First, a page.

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GettyWest Virginia Governor Joe Manchin, actress Jennifer Garner and owner and chairman of The Greenbrier Jim Justice participate in the ribbon cutting at the grand opening of the Casino Club at The Greenbrier on July 2, 2010 in White Sulphur Springs, West Virginia.

Jim Justice breaks from his party on a number of key issues, but the biggest one is climate change, as he does not believe that climate change is being caused by human activity.

“Until we have really accurate data to prove (that humans contribute) I don’t think we need to blow our legs off on a concept,” Justice said during an interview with The Register Herald. “…I believe there’s an awful lot of scientist that say, ‘no, no, no, this is just smoke and mirrors.’ I welcome the discussion, but I don’t know, I just don’t know.”

Governor Justice and President Donald Trump have this in common. Trump famously said in 2012 that the concept of global warming was a hoax perpetrated by the Chinese.

Trump also announced in June that he would be pulling the United States out of the Paris Agreement.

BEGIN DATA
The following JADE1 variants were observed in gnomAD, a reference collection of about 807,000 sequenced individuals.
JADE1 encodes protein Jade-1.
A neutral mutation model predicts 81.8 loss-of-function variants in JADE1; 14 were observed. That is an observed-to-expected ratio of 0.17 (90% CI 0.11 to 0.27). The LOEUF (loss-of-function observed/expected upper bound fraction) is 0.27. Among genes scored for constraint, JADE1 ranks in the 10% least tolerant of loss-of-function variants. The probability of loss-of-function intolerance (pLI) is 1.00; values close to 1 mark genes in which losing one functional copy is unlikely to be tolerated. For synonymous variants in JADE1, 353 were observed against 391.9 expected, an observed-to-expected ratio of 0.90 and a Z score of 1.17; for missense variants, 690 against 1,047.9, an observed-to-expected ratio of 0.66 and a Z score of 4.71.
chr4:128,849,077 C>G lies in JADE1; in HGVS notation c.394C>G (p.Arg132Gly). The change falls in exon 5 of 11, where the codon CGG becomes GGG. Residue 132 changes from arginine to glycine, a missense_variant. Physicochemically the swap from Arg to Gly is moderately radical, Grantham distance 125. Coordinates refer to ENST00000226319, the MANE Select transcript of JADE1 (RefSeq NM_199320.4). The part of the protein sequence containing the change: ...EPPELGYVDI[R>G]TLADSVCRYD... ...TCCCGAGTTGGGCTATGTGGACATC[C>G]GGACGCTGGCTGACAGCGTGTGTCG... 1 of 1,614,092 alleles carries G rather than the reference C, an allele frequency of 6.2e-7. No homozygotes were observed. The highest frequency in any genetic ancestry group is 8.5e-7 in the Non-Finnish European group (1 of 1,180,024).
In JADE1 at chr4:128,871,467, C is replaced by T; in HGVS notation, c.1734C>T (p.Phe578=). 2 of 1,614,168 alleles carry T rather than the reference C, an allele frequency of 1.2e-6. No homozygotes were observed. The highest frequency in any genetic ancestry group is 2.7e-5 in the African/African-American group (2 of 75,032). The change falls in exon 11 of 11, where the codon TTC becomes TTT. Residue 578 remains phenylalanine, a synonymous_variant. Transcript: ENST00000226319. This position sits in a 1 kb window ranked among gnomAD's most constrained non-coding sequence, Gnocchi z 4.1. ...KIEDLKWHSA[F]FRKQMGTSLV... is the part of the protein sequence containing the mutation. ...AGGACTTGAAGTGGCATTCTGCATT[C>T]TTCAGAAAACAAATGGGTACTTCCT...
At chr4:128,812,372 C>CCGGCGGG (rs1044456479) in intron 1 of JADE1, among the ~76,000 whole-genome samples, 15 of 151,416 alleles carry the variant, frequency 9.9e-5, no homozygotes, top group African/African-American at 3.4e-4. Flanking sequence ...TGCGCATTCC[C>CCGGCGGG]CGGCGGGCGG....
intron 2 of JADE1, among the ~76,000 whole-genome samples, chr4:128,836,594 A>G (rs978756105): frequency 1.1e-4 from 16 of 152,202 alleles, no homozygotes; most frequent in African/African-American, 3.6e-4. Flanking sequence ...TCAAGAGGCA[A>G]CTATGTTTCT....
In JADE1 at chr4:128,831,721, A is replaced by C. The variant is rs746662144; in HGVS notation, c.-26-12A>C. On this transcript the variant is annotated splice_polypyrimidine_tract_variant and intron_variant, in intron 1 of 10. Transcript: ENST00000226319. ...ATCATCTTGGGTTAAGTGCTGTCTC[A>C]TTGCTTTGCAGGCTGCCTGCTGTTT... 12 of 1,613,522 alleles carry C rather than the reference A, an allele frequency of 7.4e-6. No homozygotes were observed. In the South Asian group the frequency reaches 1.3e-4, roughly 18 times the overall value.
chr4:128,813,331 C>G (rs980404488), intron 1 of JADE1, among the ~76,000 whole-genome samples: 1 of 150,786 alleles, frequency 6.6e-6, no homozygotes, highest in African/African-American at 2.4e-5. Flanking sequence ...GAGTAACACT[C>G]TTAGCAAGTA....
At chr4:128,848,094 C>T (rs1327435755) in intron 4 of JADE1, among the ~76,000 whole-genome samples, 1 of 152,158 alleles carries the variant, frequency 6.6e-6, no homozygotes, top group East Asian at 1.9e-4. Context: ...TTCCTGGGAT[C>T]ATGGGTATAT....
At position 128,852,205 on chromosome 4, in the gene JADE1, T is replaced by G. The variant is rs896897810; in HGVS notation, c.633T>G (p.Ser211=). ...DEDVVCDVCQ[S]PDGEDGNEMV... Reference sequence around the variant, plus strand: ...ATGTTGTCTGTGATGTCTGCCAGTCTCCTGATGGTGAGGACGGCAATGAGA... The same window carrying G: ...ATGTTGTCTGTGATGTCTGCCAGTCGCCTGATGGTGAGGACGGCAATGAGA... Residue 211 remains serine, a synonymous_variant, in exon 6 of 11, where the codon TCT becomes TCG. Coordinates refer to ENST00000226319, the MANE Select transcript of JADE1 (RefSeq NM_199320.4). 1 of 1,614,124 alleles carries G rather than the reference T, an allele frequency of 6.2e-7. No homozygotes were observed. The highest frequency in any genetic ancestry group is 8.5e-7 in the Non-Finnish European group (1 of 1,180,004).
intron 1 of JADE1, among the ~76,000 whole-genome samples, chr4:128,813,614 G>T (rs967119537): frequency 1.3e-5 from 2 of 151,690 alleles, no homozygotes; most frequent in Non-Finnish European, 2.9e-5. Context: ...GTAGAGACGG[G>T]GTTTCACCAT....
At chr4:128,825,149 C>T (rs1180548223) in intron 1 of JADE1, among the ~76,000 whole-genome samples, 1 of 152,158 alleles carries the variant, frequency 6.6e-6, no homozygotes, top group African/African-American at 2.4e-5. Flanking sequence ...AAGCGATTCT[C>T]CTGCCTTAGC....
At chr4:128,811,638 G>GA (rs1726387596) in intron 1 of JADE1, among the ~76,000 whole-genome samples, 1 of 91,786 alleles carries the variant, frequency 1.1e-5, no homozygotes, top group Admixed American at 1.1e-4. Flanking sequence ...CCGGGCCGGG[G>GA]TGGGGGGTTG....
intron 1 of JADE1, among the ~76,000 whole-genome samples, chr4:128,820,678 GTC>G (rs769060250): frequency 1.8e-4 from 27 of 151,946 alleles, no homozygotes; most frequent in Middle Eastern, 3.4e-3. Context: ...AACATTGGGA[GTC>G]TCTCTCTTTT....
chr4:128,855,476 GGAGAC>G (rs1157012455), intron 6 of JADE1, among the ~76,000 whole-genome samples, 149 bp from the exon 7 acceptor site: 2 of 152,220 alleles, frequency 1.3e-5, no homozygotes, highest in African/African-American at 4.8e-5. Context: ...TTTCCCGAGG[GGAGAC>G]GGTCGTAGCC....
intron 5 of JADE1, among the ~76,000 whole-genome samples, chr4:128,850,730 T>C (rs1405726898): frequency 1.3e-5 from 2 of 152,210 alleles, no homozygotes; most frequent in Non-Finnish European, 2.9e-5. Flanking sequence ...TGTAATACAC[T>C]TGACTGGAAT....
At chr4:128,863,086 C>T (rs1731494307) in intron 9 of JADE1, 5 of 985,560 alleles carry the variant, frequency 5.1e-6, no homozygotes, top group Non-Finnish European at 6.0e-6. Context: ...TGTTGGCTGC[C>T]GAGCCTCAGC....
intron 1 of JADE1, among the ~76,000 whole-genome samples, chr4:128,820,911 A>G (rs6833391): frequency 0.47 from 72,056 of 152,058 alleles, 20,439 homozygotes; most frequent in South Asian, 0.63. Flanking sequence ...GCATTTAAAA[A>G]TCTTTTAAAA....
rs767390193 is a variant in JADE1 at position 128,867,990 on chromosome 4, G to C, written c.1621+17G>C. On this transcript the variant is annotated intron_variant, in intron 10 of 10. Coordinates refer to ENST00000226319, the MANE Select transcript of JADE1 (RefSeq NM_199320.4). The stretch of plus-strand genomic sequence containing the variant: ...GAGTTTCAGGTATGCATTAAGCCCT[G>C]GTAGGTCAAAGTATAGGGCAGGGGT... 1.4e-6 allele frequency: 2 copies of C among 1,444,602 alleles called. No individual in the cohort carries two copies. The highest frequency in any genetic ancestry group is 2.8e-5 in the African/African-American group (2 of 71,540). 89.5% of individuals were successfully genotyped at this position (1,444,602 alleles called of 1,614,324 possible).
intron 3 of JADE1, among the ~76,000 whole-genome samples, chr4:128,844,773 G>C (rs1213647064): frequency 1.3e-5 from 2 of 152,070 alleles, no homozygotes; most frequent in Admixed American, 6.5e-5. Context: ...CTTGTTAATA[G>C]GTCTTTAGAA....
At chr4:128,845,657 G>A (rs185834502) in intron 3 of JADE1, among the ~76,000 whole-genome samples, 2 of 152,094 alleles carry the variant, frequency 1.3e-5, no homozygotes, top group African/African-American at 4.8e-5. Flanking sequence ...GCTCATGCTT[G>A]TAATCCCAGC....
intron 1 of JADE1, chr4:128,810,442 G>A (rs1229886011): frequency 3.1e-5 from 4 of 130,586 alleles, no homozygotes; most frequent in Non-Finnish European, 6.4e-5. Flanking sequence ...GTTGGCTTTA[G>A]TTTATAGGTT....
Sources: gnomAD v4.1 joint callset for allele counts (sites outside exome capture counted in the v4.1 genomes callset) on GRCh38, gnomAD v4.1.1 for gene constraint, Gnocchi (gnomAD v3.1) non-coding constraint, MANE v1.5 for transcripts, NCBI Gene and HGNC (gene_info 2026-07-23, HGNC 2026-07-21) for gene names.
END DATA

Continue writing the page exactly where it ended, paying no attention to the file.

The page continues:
“This agreement is less about the climate and more about other countries gaining a financial advantage over the United States,” Trump said at the time. “The rest of the world applauded when we signed the Paris Agreement — they went wild; they were so happy — for the simple reason that it put our country, the United States of America, which we all love, at a very, very big economic disadvantage.”

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Anonymous

The worst in our politics are those who can either be Democratic or Republican. These compromise the process because they can undermine their own parties when a higher bidder comes along. They sell their votes or endorsements because it doesn’t matter to them what direction the country is headed, as long as they gain power or fortune.